Latest Mesothelioma Support News
By Warren Miller. 6th December 2016
The Psychological Care Needs in Mesothelioma and Lung Cancer Patients
There has been new research in The UK analysing the needs and concerns of people with malignant mesothelioma or lung cancer. They found that the two groups share many concerns but there are also some differences.
The team of researchers analysed 17 studies on the psychological impact of receiving a diagnosis of mesothelioma or of lung cancer and looked at the impact of the various treatments for each disease.
They found 10 areas of concern that came up consistently among people going through treatment for the 2 lung diseases:
- Hope / hopelessness
- Stigma / blame / guilt
- Family / carer concern
- Physical symptoms
- Experience of diagnosis
- Latrogenic distress
- Financial / legal concerns
- Death and dying worries
Different Concerns for Mesothelioma Patients
The research found that most lung cancer and mesothelioma patients had similar psychological experiences, those diagnosed with mesothelioma did have some additional concerns. There were notable differences in feelings of hopelessness, financial or legal worries and blame.
This additional stress can be explained by the fact that the only way you develop mesothelioma is by exposure to asbestos - usually at work and it is the erosion of trust in the employers that allowed this to happen.
There are more concerns over the prognosis for mesothelioma patients and there is currently no cure for the disease. Lung cancers may be easier to treat and surgery is often more successful.
The study concludes that mesothelioma patients and their families may require more support than lung cancer patients.
Electronic Support for Victims of Mesothelioma
There has also been research in Australia recently to test whether telephone and online support for mesothelioma patients services have the potential to improve well-being. Patients and families who receive a mesothelioma diagnosis will have many questions, in addition to emotional and practical issues, and support services can be an invaluable resource.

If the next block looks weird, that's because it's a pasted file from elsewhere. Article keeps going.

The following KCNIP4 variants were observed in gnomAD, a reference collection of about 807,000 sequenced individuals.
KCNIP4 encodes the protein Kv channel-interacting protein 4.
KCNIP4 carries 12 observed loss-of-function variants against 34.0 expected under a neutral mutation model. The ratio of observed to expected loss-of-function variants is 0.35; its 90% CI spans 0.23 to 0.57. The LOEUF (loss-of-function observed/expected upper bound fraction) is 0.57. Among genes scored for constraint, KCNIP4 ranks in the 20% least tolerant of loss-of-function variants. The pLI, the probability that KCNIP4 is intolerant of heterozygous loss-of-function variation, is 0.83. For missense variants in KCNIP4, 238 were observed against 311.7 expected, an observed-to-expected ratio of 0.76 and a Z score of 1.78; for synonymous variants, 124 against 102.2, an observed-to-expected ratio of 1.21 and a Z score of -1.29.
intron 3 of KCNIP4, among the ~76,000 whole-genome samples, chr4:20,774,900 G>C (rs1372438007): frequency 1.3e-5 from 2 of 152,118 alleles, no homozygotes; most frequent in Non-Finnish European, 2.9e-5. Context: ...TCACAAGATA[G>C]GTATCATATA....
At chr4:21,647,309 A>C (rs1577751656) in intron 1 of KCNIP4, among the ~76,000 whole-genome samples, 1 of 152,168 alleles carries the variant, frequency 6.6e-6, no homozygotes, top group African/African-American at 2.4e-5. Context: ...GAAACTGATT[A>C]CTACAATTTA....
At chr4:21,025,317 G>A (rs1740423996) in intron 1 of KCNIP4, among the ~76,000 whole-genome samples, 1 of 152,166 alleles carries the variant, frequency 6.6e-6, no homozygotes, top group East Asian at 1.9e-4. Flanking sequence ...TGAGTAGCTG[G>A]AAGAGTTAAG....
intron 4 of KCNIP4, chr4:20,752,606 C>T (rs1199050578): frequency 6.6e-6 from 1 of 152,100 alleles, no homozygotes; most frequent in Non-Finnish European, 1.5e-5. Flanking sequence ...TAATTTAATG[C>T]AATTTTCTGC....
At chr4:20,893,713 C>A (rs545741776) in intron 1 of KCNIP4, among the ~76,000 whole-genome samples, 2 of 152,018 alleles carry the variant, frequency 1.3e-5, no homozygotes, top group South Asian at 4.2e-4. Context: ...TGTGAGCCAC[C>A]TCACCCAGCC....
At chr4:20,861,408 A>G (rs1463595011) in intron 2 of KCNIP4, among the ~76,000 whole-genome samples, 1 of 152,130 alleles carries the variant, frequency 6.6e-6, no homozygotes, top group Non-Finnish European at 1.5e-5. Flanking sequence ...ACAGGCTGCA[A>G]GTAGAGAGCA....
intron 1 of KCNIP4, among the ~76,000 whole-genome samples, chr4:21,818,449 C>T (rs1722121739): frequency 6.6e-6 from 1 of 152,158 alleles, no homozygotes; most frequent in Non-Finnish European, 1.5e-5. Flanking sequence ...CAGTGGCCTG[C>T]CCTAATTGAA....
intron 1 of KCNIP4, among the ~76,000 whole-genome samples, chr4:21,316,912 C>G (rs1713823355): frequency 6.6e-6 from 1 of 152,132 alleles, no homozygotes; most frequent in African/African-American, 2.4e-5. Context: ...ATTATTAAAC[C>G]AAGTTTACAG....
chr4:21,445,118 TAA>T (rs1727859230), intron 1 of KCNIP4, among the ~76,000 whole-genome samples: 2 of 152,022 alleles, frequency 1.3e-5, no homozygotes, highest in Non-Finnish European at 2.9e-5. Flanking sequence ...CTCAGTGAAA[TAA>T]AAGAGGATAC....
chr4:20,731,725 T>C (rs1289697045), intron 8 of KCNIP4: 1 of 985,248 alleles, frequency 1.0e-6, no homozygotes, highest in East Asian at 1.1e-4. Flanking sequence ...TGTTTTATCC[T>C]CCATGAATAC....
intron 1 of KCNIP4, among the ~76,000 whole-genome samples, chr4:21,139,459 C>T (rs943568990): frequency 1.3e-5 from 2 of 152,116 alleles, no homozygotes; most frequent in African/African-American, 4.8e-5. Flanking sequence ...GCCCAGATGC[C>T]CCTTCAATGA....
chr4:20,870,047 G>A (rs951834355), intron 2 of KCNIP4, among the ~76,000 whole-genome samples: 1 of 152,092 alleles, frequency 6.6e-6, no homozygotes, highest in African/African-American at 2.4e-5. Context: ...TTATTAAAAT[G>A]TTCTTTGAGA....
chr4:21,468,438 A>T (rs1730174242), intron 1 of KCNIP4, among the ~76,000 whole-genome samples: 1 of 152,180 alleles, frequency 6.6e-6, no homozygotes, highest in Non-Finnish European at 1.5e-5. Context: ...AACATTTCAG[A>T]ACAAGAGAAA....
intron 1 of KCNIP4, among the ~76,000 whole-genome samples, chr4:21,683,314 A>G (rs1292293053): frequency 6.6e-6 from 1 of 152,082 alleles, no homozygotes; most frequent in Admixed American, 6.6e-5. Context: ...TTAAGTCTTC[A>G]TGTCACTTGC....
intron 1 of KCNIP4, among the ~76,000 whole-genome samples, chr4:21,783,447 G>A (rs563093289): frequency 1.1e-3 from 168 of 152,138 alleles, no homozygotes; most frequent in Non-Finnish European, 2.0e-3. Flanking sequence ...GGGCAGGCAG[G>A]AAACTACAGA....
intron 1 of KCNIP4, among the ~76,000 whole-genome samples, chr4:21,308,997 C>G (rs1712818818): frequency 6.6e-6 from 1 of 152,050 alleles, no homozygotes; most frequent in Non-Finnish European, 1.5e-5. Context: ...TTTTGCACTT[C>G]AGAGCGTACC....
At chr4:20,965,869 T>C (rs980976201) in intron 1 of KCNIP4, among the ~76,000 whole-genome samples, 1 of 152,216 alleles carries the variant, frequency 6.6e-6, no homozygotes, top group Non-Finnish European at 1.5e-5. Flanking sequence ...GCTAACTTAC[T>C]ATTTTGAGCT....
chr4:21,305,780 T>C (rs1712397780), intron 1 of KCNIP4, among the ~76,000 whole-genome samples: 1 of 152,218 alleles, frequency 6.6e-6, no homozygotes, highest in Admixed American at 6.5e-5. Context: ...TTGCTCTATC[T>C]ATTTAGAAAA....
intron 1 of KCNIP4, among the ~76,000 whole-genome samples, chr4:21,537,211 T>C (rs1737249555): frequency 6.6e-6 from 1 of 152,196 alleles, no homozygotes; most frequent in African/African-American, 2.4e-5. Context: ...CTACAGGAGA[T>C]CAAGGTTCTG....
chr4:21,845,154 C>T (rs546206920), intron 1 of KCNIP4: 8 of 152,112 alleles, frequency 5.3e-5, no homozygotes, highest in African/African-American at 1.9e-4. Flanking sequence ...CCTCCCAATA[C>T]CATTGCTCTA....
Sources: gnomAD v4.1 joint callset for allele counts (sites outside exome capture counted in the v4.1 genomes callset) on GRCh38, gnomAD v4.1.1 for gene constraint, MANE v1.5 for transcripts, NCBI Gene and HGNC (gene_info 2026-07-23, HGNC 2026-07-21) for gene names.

Telephone and online services like email and live chat are relatively cheap to provide and can be delivered over long distances, potentially improving access for mesothelioma patients and their families who may find travelling difficult.
The disease often develops in people over the age of 70, they may be single or have spouses with mobility issues and their children may live some distance away so travelling to and from hospitals or support centres may be challenging.
The team will also set up trials involving 500+ mesothelioma and lung cancer patients to test whether this form of support is better than simply providing printed information.
The patients must have a recent mesothelioma diagnosis, have a life expectancy of at least six months and have
access to the Internet. They will be selected at random to receive either printed information, telephone support or Internet support - email and live chat. The impact of the information and support these patients receive will be measured with questionnaires after 3 and 6 months.
The team hopes the information they gather may help to design helpline services so that they can provide a better service
to address emotional, mental and informational needs of mesothelioma patients and their families.